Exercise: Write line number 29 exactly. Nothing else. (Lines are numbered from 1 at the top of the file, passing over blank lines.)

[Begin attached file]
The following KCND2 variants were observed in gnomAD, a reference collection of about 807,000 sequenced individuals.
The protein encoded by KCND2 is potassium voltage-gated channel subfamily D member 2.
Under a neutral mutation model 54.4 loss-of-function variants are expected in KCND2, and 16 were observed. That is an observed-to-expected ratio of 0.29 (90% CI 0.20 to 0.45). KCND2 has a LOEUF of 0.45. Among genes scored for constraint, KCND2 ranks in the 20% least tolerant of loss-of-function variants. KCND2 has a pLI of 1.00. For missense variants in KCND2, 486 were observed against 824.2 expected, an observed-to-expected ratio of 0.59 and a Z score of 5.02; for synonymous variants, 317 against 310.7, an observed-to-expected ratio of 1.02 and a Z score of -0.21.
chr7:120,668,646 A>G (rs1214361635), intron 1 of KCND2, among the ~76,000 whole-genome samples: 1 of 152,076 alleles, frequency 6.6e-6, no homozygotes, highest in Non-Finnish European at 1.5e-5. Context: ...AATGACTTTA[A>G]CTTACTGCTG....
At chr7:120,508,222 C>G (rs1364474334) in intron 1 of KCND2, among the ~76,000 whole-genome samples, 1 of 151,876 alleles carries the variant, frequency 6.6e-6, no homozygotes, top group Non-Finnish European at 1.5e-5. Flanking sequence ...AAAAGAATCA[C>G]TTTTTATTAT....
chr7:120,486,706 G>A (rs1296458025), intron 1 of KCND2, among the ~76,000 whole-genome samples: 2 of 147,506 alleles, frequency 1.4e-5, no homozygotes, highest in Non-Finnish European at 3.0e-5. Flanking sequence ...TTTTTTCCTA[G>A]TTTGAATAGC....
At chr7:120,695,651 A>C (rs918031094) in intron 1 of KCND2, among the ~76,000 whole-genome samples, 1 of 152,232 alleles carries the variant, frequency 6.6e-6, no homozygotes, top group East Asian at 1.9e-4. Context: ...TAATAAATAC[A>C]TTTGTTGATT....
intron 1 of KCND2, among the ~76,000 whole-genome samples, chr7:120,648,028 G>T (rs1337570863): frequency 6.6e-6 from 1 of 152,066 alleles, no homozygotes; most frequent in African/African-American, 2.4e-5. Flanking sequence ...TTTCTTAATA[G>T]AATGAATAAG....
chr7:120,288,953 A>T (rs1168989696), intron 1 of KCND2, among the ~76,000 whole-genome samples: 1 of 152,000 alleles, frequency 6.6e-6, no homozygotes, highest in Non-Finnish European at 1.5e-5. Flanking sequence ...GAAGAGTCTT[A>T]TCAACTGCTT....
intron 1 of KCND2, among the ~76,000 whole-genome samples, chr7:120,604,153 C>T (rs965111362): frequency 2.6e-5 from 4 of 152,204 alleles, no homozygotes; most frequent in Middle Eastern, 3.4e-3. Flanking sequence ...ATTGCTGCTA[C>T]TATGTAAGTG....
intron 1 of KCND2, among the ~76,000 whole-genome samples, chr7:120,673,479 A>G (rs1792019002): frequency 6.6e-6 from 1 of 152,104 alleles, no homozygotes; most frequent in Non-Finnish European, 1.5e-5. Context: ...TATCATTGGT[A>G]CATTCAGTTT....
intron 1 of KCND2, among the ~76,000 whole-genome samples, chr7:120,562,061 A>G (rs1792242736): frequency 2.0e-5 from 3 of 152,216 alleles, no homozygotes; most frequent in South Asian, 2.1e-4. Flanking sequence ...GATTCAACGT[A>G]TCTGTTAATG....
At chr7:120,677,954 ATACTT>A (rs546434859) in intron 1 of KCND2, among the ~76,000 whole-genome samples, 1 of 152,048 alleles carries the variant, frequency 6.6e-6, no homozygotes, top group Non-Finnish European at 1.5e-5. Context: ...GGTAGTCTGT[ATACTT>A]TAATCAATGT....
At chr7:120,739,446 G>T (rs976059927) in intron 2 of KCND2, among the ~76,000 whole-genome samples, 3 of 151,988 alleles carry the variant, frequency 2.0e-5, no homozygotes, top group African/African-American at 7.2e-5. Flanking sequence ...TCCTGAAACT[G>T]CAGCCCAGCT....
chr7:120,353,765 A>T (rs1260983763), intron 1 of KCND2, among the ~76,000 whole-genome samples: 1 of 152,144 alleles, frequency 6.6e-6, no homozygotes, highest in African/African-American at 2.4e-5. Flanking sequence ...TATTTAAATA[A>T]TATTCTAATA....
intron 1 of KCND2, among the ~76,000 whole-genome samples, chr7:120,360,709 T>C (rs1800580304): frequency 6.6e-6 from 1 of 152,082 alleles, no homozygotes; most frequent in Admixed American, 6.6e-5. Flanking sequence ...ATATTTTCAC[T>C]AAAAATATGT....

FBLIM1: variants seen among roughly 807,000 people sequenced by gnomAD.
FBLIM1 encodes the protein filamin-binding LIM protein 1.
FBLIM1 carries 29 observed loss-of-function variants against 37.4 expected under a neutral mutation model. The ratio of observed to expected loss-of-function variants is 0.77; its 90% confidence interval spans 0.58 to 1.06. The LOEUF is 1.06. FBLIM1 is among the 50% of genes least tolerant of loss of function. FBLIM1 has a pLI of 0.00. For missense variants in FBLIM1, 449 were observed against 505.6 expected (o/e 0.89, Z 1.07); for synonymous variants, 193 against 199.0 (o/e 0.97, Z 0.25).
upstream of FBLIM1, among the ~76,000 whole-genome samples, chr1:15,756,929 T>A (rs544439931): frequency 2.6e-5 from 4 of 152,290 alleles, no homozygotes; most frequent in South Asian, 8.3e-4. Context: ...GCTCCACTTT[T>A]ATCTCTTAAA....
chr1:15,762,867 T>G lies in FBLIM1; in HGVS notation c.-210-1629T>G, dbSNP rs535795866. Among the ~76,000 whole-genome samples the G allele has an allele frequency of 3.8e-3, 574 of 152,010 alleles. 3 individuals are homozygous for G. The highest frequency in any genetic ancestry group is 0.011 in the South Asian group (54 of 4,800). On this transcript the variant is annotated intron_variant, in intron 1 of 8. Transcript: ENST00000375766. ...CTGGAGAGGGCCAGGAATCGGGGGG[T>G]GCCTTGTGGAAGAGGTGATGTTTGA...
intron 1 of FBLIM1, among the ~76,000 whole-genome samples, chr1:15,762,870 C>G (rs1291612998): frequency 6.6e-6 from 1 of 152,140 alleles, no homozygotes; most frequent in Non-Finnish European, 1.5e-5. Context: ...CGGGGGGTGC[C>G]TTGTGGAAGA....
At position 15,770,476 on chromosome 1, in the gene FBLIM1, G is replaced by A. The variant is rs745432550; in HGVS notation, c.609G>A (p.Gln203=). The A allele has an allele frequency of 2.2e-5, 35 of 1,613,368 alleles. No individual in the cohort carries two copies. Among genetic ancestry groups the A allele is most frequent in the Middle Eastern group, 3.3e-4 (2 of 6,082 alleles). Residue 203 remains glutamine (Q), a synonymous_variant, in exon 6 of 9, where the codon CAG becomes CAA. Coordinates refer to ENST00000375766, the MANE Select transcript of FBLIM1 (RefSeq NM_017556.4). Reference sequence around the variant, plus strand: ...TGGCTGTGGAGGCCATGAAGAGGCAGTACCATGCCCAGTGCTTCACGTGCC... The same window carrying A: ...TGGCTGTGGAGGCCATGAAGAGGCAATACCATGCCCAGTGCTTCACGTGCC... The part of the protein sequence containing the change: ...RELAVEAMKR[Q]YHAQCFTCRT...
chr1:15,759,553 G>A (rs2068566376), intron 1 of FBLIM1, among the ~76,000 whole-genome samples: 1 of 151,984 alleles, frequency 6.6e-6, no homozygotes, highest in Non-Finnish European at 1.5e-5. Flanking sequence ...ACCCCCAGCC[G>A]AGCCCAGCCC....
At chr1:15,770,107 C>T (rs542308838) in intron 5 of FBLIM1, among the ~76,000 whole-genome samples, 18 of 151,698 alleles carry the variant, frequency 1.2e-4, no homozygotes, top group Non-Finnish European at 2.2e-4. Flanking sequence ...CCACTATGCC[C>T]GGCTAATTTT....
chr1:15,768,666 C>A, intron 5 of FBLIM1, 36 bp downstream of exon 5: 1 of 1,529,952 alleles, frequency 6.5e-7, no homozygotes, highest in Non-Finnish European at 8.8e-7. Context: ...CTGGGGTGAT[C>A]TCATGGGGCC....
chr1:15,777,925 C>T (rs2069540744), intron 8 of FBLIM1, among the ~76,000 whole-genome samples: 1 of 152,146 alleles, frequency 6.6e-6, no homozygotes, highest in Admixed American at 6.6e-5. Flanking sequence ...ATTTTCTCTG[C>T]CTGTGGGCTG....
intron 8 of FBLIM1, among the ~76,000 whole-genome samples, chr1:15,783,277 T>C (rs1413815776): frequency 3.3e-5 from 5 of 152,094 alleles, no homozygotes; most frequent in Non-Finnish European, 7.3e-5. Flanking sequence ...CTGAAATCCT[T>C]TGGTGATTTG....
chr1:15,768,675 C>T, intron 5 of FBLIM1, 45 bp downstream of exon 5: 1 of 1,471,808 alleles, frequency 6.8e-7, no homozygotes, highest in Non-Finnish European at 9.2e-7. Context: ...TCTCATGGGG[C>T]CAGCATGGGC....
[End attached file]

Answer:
chr1:15,768,675 C>T, intron 5 of FBLIM1, 45 bp downstream of exon 5: 1 of 1,471,808 alleles, frequency 6.8e-7, no homozygotes, highest in Non-Finnish European at 9.2e-7. Context: ...TCTCATGGGG[C>T]CAGCATGGGC....